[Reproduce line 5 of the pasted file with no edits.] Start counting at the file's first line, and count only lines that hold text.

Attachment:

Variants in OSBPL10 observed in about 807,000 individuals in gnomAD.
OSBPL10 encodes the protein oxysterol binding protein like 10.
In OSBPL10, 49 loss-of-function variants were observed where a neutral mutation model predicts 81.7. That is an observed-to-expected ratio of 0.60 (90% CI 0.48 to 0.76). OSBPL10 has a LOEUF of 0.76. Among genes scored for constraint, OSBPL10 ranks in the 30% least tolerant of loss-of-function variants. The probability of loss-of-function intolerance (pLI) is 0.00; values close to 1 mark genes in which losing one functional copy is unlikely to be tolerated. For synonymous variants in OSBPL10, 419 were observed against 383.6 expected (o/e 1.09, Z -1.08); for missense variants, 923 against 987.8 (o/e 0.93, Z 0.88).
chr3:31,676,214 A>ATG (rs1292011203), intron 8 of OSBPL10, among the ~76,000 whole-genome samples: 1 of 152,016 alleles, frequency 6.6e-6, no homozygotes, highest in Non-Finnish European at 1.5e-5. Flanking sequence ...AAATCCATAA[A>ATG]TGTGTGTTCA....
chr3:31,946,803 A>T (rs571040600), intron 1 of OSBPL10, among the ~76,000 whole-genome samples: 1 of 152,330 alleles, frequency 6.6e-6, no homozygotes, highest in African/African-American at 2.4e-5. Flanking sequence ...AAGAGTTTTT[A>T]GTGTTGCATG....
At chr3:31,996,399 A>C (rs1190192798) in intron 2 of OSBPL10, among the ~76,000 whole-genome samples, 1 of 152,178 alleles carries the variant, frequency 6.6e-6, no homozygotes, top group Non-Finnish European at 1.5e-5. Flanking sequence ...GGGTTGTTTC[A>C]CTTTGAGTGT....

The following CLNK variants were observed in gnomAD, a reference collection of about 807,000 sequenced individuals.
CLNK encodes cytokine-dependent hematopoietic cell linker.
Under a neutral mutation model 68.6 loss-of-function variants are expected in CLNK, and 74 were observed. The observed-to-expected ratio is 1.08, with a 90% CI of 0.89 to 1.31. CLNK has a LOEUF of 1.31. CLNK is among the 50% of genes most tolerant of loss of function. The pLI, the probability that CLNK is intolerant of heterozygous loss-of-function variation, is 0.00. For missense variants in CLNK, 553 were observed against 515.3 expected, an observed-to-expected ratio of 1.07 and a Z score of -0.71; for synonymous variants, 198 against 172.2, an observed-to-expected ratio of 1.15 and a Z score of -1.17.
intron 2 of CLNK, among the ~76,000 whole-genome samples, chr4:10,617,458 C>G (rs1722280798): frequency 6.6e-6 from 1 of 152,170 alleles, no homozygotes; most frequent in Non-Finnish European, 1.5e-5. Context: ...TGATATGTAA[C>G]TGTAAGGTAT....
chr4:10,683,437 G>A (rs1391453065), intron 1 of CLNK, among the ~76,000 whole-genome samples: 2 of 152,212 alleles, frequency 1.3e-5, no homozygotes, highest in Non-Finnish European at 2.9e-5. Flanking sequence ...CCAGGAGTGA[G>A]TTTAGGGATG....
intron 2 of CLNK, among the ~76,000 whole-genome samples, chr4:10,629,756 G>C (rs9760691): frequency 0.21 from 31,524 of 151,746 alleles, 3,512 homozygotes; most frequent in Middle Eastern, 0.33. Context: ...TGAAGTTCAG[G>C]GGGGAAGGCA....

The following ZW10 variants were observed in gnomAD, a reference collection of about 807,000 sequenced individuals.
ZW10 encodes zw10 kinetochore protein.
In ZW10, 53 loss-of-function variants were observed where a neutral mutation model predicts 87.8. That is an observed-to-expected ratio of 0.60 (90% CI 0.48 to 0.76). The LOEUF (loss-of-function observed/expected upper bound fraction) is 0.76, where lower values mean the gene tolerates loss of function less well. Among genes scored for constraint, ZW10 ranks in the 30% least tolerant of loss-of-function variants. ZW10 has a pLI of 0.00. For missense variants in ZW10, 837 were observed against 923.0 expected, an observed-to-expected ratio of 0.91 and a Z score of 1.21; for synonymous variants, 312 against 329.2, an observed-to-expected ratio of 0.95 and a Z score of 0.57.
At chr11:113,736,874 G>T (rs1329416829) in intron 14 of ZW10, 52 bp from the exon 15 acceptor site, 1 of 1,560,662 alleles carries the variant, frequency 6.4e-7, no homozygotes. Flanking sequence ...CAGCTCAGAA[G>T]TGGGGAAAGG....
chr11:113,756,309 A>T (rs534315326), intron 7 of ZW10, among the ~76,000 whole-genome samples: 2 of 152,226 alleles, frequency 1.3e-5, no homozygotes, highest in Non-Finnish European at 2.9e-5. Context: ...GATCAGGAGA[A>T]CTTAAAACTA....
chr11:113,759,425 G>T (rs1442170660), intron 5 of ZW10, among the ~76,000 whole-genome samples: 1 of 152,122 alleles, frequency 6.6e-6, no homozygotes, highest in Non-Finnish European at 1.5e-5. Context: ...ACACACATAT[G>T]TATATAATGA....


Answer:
chr3:31,946,803 A>T (rs571040600), intron 1 of OSBPL10, among the ~76,000 whole-genome samples: 1 of 152,330 alleles, frequency 6.6e-6, no homozygotes, highest in African/African-American at 2.4e-5. Flanking sequence ...AAGAGTTTTT[A>T]GTGTTGCATG....